The Chicago Board of Education will vote on a new $10.2M school police contract.

The Chicago Board of Education is scheduled to decide this week whether to spend $10.2 million on a new contract with the Chicago Police Department, which wants uniformed officers in schools for at least one more year.

The policing program at CPS has undergone major changes over the past two years after mass protests called for officers to be removed from schools — and scrutiny has decreased as the pressure has led to reforms.

Students and activists have long said that black and Latino children have been turned over to the police because of routine dissent and juvenile behavior. Children are then sent out of the classroom and into the criminal justice system, which research has shown leads to worse outcomes in school and life.

Five community organizations that were part of the movement to end the school-to-prison pipeline in CPS partnered with the district to establish a process through which school communities could develop alternatives to policing. Since then, the number of officers assigned to CPS schools has been cut by more than a third, their roles have been greatly reduced, and payments from CPS to CPD have dropped to less than $33 million in 2020. .

However, the practice of one city agency, CPS, paying another for its services remains controversial. The contract includes officers’ salaries and “fringe benefits” for 176 school days. The district has faced criticism over the years for funding the year-round salaries of police officers.

CPS spokeswoman Mary Fergus said there had been “no discussion about keeping the CPD funding” program.

Meanwhile, the shift from punitive to restorative justice – away from arrests and suspensions to dialogue and peace circles – is a work in progress. The Sun-Times and WBEZ reviewed the work in progress earlier this summer, with schools reporting mixed results.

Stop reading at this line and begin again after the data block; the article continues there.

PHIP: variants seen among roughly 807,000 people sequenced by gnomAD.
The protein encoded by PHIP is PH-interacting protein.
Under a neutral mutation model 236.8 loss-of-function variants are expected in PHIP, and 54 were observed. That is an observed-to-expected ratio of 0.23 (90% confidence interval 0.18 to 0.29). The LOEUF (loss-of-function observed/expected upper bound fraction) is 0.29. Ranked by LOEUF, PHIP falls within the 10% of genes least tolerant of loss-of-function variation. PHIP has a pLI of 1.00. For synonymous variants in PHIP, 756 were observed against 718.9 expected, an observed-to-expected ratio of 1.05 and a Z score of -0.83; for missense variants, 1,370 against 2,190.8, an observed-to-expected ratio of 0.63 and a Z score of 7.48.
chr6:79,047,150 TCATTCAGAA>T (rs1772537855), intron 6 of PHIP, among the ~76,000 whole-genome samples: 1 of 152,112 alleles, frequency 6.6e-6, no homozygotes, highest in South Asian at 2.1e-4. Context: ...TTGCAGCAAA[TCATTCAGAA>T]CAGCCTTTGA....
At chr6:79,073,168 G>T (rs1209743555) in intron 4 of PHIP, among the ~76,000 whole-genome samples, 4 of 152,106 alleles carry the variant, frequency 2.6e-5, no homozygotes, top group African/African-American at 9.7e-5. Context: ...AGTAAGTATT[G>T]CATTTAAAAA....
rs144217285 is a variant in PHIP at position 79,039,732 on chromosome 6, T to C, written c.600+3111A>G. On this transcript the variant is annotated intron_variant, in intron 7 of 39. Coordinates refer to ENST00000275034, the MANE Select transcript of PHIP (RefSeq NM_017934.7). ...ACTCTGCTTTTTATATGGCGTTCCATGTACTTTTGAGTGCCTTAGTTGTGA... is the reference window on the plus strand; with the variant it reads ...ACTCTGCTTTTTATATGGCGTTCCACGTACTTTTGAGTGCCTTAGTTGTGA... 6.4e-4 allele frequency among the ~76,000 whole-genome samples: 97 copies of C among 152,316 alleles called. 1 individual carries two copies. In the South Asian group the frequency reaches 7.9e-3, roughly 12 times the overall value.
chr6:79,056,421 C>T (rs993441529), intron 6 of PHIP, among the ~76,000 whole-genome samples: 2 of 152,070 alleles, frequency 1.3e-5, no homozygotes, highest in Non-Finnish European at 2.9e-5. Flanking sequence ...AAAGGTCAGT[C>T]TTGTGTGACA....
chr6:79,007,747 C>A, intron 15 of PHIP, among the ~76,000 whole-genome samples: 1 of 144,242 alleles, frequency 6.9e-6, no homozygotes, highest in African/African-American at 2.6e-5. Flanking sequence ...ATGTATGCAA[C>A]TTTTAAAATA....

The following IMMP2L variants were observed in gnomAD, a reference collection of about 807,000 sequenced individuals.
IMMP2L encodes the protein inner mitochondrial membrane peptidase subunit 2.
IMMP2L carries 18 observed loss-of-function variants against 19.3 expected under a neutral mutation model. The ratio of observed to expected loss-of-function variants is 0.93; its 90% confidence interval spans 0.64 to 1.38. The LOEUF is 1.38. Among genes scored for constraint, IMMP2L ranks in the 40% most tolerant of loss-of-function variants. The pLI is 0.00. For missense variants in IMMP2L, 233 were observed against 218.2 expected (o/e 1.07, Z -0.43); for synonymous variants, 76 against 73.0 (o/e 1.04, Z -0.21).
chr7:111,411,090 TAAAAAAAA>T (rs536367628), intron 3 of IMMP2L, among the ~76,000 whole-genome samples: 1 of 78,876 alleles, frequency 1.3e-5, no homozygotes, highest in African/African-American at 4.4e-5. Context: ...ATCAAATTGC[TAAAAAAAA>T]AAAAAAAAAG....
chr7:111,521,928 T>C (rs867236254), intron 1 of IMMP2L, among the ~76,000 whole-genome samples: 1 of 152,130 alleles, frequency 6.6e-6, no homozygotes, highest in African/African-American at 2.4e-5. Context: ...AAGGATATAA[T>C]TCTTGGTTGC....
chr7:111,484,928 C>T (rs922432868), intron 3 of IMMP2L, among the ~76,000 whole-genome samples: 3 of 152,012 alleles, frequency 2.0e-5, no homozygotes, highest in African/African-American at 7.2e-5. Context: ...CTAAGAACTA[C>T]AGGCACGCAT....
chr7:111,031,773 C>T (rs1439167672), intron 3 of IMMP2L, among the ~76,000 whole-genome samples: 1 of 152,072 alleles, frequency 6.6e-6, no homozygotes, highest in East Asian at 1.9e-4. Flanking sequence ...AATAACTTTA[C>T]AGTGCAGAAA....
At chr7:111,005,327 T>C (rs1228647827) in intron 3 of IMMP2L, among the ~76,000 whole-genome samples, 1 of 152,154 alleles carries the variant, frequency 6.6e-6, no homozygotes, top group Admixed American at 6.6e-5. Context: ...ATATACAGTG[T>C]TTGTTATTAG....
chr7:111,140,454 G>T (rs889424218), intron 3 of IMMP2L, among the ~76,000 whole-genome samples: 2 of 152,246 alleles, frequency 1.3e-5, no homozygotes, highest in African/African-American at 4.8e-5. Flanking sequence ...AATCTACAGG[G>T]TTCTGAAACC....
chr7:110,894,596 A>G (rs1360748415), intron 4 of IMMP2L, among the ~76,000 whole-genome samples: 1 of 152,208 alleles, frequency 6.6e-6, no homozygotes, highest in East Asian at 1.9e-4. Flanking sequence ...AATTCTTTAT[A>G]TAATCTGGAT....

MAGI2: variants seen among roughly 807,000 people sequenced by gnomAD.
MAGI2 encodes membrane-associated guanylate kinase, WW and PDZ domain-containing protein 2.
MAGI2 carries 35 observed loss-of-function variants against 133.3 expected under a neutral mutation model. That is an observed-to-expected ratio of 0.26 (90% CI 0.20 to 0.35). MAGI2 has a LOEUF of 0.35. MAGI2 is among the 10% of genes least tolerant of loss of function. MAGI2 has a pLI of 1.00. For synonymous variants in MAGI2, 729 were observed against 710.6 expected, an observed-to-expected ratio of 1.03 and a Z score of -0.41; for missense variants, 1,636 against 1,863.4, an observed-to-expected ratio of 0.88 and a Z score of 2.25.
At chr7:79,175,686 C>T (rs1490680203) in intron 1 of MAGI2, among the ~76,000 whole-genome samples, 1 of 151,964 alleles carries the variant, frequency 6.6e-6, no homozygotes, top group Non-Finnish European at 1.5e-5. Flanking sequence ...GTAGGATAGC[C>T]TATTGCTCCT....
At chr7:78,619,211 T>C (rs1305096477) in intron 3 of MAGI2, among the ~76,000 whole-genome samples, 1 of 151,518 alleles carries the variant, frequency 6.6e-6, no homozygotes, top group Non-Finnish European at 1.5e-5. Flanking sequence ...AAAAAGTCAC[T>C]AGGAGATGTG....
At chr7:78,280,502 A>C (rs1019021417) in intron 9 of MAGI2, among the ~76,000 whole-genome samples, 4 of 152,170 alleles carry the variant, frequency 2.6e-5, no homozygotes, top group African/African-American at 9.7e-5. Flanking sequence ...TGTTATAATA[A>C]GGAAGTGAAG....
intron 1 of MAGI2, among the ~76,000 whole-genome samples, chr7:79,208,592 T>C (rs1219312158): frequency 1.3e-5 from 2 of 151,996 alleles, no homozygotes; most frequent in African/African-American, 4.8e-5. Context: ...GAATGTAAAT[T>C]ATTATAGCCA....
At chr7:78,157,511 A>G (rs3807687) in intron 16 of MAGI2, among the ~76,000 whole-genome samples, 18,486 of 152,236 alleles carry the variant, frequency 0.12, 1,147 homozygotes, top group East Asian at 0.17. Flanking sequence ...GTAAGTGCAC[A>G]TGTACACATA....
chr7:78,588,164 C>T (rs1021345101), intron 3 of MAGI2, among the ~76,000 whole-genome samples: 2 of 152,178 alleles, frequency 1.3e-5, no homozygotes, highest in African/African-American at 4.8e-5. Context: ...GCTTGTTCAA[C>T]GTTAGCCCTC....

Schools last year shifted $3.2 million back to policing alternatives such as deans, security guards and mental health programs, and more money is expected to be allocated to those efforts this year.

A total of 41 of CPS’ 91 schools still had police officers this past school year, and their local school councils voted last month whether to keep them in the fall. One school chose to remove both officers, while 17 will continue with two full-time police officers, and 23 will have just one.

District officials are asking the board of education to vote at its monthly meeting Wednesday to renew the CPD contract at $10,166,587 for one year. The contract will run from the beginning of September until the end of August 2023, and CPS and CPD will have two one-year renewal options.

Officers will be screened for placement in schools and must have an “excellent disciplinary history.” The Principals shall have the right to reject any officer and call for other candidates. And cops must undergo CPS training on restorative methods. interactions with students with disabilities and special education; youth crisis intervention; implicit racial bias; and more.

According to new rules introduced last year, policemen are not supposed to be involved in student discipline. Their purpose is only to respond to emergencies that put students and staff at risk, such as a shooter incident.

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